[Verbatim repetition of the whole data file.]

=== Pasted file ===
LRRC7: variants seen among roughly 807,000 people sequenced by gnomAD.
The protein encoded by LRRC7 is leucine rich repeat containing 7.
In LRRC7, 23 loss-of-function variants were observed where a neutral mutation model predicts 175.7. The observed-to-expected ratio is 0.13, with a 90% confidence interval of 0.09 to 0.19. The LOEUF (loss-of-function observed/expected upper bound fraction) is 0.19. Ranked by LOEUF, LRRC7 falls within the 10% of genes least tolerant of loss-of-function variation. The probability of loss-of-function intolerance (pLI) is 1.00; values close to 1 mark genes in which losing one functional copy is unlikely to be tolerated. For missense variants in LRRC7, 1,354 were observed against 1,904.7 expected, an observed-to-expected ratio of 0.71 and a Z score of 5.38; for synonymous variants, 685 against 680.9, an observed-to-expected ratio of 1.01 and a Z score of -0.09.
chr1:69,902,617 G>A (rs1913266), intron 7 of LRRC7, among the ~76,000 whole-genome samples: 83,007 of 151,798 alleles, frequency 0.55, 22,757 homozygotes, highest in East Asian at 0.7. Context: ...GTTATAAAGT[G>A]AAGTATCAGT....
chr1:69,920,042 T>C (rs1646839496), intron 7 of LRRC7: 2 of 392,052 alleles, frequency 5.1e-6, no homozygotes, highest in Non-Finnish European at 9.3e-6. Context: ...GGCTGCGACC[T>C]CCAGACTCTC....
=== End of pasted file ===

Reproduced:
LRRC7: variants seen among roughly 807,000 people sequenced by gnomAD.
The protein encoded by LRRC7 is leucine rich repeat containing 7.
In LRRC7, 23 loss-of-function variants were observed where a neutral mutation model predicts 175.7. The observed-to-expected ratio is 0.13, with a 90% confidence interval of 0.09 to 0.19. The LOEUF (loss-of-function observed/expected upper bound fraction) is 0.19. Ranked by LOEUF, LRRC7 falls within the 10% of genes least tolerant of loss-of-function variation. The probability of loss-of-function intolerance (pLI) is 1.00; values close to 1 mark genes in which losing one functional copy is unlikely to be tolerated. For missense variants in LRRC7, 1,354 were observed against 1,904.7 expected, an observed-to-expected ratio of 0.71 and a Z score of 5.38; for synonymous variants, 685 against 680.9, an observed-to-expected ratio of 1.01 and a Z score of -0.09.
chr1:69,902,617 G>A (rs1913266), intron 7 of LRRC7, among the ~76,000 whole-genome samples: 83,007 of 151,798 alleles, frequency 0.55, 22,757 homozygotes, highest in East Asian at 0.7. Context: ...GTTATAAAGT[G>A]AAGTATCAGT....
chr1:69,920,042 T>C (rs1646839496), intron 7 of LRRC7: 2 of 392,052 alleles, frequency 5.1e-6, no homozygotes, highest in Non-Finnish European at 9.3e-6. Context: ...GGCTGCGACC[T>C]CCAGACTCTC....